Posted 31 Jan
You might notice a black MOD. shipping container getting around town. If you’re game, go inside and sit in one of the large metal chairs. You’ll be guided through a series of tasks and given mild electrical shocks which cause discomfort, and even pain. Why? To challenge your perception of pain and explore how pain is a complex emotional and sensory experience influenced by factors such as attention, distraction, context and expectation. Ultimately, pain perception doesn’t necessarily correlate with the severity of an injury. You then have the option of drawing your pain (past or present, physical or emotional) while you listen to personal stories from researchers Assoc. Prof Tasha Stanton and Professor Lorimer Moseley.
You may remember Lorimer and Tash from our inaugural MOD.IFY exhibition in 2018. Who could forget Lorimer’s snake story?! (if you haven’t seen it, it’s the one with three quarters of a million views). We started collaborating with University of South Australia’s Body In Mind research group on the Feeling Human exhibit almost a year before MOD. opened. The resulting gallery was an ominous space punctuated by two pain chairs, dramatically spot-lit beneath long columns of light.
The gallery also featured Lorimer’s snake story as a three-dimensional animation on a VoxieBox, gratefully supported by Voxon Photonics.
As it turns out, trying to design something that safely causes pain to members of the public was not an easy process. It required research ranging from electric fences and lasers to “spider boxes” and swear rooms. We even tested toy games that shocked the losing player. Over time, and a whole bunch of risk assessments, we refined our designs to reflect the published research and highlight key factors that influence pain perception.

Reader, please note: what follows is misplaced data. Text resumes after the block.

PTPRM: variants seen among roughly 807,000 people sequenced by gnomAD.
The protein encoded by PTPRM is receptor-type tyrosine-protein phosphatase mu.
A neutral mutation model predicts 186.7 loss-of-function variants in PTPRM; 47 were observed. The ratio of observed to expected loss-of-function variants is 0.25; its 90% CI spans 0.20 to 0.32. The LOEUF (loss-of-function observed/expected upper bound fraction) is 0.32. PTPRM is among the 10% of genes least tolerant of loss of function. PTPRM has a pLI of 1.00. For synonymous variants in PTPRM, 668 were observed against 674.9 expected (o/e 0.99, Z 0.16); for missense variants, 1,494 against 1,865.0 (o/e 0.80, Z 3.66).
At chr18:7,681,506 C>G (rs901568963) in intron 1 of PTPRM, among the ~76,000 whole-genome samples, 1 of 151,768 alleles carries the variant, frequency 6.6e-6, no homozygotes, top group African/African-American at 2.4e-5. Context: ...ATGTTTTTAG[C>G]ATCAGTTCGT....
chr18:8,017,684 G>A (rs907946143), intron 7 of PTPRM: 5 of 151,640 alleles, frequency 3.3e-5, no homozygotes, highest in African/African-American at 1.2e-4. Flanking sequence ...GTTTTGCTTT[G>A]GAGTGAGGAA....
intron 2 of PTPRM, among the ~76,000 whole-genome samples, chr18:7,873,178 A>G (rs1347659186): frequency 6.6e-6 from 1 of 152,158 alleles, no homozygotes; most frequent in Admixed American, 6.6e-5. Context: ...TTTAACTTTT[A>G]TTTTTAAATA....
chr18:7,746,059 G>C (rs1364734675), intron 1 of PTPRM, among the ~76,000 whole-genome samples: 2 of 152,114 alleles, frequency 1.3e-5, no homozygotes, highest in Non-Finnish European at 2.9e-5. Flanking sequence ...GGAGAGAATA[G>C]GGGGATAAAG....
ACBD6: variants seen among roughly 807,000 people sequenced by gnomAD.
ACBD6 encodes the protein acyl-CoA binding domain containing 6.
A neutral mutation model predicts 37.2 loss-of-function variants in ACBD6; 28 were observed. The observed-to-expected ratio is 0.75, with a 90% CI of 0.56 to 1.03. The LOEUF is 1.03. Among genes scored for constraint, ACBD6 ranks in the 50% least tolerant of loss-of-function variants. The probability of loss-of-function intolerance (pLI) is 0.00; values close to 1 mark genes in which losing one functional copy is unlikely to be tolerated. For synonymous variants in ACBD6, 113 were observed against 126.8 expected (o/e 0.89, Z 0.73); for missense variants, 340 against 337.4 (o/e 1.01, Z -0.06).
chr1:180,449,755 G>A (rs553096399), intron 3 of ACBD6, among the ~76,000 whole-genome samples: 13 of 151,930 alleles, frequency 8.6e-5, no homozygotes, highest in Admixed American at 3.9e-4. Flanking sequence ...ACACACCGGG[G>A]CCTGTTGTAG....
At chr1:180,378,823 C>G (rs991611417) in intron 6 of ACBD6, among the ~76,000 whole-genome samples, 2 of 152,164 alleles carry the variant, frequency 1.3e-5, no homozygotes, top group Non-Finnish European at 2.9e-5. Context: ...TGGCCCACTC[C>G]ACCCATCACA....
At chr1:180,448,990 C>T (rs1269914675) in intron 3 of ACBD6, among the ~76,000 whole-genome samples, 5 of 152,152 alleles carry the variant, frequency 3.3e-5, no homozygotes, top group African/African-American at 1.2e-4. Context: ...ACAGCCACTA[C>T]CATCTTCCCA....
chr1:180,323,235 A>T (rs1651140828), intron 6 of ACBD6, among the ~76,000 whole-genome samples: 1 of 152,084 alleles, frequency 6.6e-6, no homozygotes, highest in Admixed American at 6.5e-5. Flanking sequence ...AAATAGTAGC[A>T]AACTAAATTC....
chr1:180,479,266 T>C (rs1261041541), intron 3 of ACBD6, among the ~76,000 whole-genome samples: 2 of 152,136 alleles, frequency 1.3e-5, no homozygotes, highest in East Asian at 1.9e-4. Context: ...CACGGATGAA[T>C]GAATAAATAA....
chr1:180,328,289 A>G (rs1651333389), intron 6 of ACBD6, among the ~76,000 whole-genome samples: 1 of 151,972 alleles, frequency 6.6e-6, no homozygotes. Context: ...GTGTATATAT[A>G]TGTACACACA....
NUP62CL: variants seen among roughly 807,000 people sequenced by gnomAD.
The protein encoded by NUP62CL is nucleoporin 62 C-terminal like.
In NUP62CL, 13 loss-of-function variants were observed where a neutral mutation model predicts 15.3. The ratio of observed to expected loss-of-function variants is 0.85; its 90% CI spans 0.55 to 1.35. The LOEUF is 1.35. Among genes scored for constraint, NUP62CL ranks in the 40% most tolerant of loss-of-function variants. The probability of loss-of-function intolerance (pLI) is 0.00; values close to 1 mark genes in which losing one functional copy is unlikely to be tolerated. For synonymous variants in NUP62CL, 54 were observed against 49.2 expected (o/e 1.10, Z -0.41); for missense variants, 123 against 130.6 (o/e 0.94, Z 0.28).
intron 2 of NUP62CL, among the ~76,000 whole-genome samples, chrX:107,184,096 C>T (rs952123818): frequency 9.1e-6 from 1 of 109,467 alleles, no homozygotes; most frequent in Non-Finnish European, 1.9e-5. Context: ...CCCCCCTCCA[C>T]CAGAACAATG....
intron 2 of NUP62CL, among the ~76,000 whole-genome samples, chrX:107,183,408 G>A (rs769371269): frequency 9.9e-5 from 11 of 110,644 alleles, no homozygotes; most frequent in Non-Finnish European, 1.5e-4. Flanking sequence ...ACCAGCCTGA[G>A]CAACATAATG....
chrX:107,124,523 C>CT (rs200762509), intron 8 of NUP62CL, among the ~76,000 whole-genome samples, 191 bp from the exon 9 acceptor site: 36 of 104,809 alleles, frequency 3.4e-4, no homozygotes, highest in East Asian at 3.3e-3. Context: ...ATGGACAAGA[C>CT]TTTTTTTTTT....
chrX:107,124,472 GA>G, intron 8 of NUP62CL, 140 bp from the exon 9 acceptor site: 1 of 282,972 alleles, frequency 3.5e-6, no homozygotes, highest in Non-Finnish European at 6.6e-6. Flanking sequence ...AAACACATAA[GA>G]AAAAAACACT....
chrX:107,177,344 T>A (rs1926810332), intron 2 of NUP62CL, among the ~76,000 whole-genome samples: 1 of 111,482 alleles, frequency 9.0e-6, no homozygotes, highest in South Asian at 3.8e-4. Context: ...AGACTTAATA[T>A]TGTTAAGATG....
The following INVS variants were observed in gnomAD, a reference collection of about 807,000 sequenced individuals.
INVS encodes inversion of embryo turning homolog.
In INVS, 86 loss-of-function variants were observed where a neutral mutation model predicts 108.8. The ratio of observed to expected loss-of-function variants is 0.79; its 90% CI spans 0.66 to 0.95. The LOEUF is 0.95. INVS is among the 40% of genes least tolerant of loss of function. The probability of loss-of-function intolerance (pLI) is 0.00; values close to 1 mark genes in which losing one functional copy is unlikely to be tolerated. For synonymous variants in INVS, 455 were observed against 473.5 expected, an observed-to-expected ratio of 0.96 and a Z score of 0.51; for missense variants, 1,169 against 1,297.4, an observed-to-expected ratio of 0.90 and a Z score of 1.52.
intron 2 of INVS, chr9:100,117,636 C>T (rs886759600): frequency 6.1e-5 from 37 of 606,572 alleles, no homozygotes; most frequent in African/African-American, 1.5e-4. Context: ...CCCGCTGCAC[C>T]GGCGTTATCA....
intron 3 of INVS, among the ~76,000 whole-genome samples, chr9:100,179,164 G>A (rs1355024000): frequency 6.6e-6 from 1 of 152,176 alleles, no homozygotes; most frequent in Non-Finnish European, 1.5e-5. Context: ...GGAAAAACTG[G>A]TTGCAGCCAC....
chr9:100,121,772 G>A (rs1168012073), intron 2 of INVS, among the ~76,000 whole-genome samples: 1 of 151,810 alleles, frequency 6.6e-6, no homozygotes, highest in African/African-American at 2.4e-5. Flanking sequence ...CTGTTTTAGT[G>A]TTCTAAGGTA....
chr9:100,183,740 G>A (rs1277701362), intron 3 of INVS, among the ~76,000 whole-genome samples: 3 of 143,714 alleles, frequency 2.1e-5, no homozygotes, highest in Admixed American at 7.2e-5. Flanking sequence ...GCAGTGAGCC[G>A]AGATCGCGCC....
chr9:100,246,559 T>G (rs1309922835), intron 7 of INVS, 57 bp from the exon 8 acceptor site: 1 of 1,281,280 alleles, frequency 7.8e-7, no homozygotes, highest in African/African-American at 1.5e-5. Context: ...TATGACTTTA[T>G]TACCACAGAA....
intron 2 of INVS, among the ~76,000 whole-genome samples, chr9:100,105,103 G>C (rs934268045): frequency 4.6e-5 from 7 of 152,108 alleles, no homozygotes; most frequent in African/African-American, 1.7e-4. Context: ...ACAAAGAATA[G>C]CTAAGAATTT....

In an age when it is increasingly easy to be exposed to bad ideas, including ones we haven’t been inoculated against, the value of public conversations around science is greater than ever. Conversations which don’t just reel-off facts but engage minds and provoke thought. When I think of scientists who do this, I think of people like Tasha and Lorimer—passionate, unassuming, and public-spirited. Their collaboration was critical to making Feeling Human a success, with 54,530 visitors experiencing the exhibit. Surveys and visitor observation during Feeling Human revealed that visitors spent time at interactive exhibits and rated them highly in terms of enjoyment and learning.
The interactive gallery design also led to two thirds of visitors being able to identify key concepts that we wanted to communicate about the brain and its role in pain perception.
Feeling human has now been adapted to be exhibited as a portable pop-up exhibit. Keep an eye out at WOMAD this year, we now have two shipping containers!